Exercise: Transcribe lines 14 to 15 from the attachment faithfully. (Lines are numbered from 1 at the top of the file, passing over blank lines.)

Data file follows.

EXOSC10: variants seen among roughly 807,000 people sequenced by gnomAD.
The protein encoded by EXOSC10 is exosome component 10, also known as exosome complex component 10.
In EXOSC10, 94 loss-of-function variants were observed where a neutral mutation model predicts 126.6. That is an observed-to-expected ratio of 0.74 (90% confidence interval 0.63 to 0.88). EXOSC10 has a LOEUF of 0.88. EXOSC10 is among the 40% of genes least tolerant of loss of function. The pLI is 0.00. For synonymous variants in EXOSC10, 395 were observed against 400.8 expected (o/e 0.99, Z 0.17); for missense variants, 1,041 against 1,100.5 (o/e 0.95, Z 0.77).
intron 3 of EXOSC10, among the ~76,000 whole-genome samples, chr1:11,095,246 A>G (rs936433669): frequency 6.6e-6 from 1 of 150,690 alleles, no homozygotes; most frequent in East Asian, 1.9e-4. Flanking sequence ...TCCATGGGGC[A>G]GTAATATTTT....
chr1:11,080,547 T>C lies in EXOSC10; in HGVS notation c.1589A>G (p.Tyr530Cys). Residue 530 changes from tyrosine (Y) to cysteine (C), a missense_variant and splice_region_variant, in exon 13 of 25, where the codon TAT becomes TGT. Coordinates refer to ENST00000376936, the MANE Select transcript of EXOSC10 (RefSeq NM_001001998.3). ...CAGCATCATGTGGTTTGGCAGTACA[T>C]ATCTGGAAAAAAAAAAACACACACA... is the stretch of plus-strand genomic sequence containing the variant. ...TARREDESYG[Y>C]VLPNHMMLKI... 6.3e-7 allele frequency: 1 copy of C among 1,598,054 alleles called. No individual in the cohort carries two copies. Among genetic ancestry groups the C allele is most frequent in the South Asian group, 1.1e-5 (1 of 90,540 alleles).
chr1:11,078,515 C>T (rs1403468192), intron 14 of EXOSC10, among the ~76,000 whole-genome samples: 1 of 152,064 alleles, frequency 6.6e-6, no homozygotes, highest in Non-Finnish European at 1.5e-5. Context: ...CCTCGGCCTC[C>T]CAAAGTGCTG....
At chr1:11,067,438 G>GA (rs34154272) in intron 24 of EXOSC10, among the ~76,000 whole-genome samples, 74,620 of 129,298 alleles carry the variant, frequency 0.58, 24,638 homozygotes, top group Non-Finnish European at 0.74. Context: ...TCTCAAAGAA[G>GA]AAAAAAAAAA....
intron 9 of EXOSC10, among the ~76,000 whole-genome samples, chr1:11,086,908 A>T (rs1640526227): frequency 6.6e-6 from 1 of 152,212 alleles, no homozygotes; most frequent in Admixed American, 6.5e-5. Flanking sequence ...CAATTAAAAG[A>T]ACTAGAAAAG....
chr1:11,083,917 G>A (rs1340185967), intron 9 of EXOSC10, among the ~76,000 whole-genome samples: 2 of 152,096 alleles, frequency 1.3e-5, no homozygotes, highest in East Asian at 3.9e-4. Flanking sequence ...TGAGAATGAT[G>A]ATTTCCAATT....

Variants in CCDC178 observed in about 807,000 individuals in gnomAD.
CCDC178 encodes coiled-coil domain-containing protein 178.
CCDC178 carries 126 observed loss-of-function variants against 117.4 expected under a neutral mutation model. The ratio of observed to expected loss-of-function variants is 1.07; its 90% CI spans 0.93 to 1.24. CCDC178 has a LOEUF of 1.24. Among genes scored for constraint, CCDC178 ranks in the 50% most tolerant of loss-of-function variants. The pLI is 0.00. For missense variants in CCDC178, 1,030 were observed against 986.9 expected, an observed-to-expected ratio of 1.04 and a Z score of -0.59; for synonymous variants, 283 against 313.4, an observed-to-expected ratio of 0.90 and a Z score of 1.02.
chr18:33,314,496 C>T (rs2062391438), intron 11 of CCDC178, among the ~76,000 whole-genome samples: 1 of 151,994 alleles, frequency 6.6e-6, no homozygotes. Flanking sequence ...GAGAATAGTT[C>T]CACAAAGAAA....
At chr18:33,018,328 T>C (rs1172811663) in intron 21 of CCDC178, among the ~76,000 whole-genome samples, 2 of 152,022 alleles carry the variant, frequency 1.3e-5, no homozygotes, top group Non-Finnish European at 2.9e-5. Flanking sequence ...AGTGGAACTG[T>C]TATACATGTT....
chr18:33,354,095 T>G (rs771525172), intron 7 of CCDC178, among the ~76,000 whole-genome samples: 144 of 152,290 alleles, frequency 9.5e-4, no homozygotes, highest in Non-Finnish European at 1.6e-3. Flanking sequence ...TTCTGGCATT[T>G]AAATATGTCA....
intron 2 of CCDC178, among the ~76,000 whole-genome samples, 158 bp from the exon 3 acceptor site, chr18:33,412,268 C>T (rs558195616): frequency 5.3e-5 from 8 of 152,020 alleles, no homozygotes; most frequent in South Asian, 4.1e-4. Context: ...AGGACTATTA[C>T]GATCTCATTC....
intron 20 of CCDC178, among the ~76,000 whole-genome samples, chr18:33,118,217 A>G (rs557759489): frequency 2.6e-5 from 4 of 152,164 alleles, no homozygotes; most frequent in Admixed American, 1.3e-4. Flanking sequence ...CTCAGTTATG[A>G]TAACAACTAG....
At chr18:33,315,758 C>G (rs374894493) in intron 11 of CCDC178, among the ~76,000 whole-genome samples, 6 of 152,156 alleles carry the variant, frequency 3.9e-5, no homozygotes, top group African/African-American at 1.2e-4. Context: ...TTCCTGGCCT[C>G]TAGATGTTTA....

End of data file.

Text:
At chr18:33,018,328 T>C (rs1172811663) in intron 21 of CCDC178, among the ~76,000 whole-genome samples, 2 of 152,022 alleles carry the variant, frequency 1.3e-5, no homozygotes, top group Non-Finnish European at 2.9e-5. Flanking sequence ...AGTGGAACTG[T>C]TATACATGTT....
chr18:33,354,095 T>G (rs771525172), intron 7 of CCDC178, among the ~76,000 whole-genome samples: 144 of 152,290 alleles, frequency 9.5e-4, no homozygotes, highest in Non-Finnish European at 1.6e-3. Flanking sequence ...TTCTGGCATT[T>G]AAATATGTCA....